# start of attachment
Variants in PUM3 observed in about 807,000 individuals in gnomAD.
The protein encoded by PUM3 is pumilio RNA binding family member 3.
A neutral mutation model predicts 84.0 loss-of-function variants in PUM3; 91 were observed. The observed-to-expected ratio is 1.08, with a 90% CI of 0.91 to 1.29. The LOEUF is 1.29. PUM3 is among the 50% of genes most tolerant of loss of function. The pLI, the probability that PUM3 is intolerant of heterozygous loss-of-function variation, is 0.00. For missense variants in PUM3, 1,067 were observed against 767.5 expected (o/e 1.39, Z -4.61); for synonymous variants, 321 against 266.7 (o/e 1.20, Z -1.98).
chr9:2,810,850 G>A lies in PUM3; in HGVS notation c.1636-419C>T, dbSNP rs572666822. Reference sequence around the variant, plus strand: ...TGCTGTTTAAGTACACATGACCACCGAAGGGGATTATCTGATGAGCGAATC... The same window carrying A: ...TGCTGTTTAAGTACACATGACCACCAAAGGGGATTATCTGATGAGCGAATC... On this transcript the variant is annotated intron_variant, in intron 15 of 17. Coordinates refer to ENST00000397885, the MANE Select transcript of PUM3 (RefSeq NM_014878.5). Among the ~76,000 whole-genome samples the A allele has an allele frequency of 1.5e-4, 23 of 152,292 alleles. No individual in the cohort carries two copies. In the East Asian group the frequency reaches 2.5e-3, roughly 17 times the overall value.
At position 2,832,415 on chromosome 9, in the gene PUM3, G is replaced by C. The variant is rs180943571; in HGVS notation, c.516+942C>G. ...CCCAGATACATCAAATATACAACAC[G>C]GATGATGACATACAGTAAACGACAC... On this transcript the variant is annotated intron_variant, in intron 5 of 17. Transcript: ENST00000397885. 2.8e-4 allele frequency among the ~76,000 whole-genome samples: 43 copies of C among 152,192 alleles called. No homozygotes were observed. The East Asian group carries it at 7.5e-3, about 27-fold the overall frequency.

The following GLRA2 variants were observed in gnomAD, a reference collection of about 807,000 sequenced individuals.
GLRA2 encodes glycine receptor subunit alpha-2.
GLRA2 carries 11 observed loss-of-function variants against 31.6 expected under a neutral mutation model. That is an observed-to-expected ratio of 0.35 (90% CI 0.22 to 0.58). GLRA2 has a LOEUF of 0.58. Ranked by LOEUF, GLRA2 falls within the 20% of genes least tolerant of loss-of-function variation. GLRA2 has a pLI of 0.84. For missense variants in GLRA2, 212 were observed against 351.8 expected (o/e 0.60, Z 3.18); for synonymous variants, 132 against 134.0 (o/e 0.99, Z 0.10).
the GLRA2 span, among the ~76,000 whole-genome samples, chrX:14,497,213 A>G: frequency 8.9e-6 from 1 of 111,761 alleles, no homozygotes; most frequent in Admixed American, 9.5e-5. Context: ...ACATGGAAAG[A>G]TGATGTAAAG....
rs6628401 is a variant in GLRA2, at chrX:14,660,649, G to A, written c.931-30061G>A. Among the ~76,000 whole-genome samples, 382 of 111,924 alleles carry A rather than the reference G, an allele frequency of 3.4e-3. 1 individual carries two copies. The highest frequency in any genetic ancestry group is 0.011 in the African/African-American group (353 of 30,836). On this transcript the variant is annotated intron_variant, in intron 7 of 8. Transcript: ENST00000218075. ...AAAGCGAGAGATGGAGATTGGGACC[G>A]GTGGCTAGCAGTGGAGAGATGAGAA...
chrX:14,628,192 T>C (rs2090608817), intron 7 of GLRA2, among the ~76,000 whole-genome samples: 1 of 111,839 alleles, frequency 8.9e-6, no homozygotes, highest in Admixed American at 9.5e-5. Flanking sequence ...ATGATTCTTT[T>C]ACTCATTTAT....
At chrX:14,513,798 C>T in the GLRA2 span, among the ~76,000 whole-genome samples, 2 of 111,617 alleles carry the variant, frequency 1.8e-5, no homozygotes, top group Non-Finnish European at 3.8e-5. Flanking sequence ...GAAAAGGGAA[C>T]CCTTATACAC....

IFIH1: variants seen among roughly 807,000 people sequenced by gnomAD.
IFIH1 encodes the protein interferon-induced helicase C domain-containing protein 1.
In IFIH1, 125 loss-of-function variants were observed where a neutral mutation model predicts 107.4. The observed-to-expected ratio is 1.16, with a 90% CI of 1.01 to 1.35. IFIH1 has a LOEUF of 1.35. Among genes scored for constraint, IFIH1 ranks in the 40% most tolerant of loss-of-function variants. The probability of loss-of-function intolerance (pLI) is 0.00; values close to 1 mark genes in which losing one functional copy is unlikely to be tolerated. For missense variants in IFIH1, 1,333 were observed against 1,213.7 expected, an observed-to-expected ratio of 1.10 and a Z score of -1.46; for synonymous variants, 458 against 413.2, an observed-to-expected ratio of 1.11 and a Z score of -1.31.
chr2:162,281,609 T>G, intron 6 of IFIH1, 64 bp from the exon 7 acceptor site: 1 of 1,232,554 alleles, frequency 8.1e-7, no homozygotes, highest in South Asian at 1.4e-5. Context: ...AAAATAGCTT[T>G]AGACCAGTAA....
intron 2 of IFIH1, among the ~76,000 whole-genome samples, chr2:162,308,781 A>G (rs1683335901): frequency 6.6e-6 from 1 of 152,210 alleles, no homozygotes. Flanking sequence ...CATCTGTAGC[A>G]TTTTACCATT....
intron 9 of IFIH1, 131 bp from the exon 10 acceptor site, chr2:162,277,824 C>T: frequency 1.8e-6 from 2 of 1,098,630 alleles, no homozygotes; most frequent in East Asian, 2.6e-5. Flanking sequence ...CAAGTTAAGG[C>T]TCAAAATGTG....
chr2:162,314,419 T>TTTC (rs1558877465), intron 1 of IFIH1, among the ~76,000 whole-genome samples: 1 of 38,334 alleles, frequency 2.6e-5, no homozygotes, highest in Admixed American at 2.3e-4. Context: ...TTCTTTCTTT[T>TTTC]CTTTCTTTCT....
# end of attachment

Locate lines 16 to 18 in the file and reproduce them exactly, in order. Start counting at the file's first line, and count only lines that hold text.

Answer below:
chr2:162,281,609 T>G, intron 6 of IFIH1, 64 bp from the exon 7 acceptor site: 1 of 1,232,554 alleles, frequency 8.1e-7, no homozygotes, highest in South Asian at 1.4e-5. Context: ...AAAATAGCTT[T>G]AGACCAGTAA....
intron 2 of IFIH1, among the ~76,000 whole-genome samples, chr2:162,308,781 A>G (rs1683335901): frequency 6.6e-6 from 1 of 152,210 alleles, no homozygotes. Flanking sequence ...CATCTGTAGC[A>G]TTTTACCATT....
intron 9 of IFIH1, 131 bp from the exon 10 acceptor site, chr2:162,277,824 C>T: frequency 1.8e-6 from 2 of 1,098,630 alleles, no homozygotes; most frequent in East Asian, 2.6e-5. Flanking sequence ...CAAGTTAAGG[C>T]TCAAAATGTG....